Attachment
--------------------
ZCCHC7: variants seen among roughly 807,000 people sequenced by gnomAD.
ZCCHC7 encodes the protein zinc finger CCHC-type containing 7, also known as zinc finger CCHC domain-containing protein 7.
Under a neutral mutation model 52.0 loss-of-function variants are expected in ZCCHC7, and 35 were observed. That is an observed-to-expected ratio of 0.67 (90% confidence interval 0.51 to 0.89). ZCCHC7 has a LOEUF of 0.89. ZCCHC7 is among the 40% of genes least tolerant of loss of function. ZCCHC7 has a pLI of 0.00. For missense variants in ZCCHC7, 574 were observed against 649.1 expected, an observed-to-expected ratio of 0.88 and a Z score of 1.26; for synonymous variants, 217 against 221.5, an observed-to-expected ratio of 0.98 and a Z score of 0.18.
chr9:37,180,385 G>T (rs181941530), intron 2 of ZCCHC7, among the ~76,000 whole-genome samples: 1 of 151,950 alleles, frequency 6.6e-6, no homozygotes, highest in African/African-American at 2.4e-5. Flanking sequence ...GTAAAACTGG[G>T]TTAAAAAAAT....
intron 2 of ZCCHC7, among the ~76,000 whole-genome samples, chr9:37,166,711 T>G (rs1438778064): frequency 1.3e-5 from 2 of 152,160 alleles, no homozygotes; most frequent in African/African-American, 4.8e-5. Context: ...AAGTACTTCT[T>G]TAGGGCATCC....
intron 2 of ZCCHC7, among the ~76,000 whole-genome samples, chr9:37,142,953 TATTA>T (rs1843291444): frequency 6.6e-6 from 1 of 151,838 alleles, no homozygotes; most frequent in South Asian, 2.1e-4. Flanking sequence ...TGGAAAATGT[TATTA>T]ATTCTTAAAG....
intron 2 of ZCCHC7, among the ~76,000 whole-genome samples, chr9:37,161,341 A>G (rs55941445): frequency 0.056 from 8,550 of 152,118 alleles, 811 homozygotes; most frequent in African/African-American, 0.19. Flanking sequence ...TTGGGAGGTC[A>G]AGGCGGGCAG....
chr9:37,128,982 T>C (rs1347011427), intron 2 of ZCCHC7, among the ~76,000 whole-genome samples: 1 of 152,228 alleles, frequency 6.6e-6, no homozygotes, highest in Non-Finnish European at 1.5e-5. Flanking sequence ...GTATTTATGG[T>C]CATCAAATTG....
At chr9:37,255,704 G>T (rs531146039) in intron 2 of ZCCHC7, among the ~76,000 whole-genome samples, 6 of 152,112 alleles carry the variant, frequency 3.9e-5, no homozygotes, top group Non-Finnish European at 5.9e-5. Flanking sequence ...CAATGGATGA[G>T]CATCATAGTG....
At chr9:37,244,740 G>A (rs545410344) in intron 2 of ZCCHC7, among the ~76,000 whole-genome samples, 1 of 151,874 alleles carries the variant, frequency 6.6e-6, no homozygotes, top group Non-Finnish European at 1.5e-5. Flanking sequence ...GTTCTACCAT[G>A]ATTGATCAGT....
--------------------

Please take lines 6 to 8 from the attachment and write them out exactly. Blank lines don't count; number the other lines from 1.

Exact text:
intron 2 of ZCCHC7, among the ~76,000 whole-genome samples, chr9:37,142,953 TATTA>T (rs1843291444): frequency 6.6e-6 from 1 of 151,838 alleles, no homozygotes; most frequent in South Asian, 2.1e-4. Flanking sequence ...TGGAAAATGT[TATTA>T]ATTCTTAAAG....
intron 2 of ZCCHC7, among the ~76,000 whole-genome samples, chr9:37,161,341 A>G (rs55941445): frequency 0.056 from 8,550 of 152,118 alleles, 811 homozygotes; most frequent in African/African-American, 0.19. Flanking sequence ...TTGGGAGGTC[A>G]AGGCGGGCAG....
chr9:37,128,982 T>C (rs1347011427), intron 2 of ZCCHC7, among the ~76,000 whole-genome samples: 1 of 152,228 alleles, frequency 6.6e-6, no homozygotes, highest in Non-Finnish European at 1.5e-5. Flanking sequence ...GTATTTATGG[T>C]CATCAAATTG....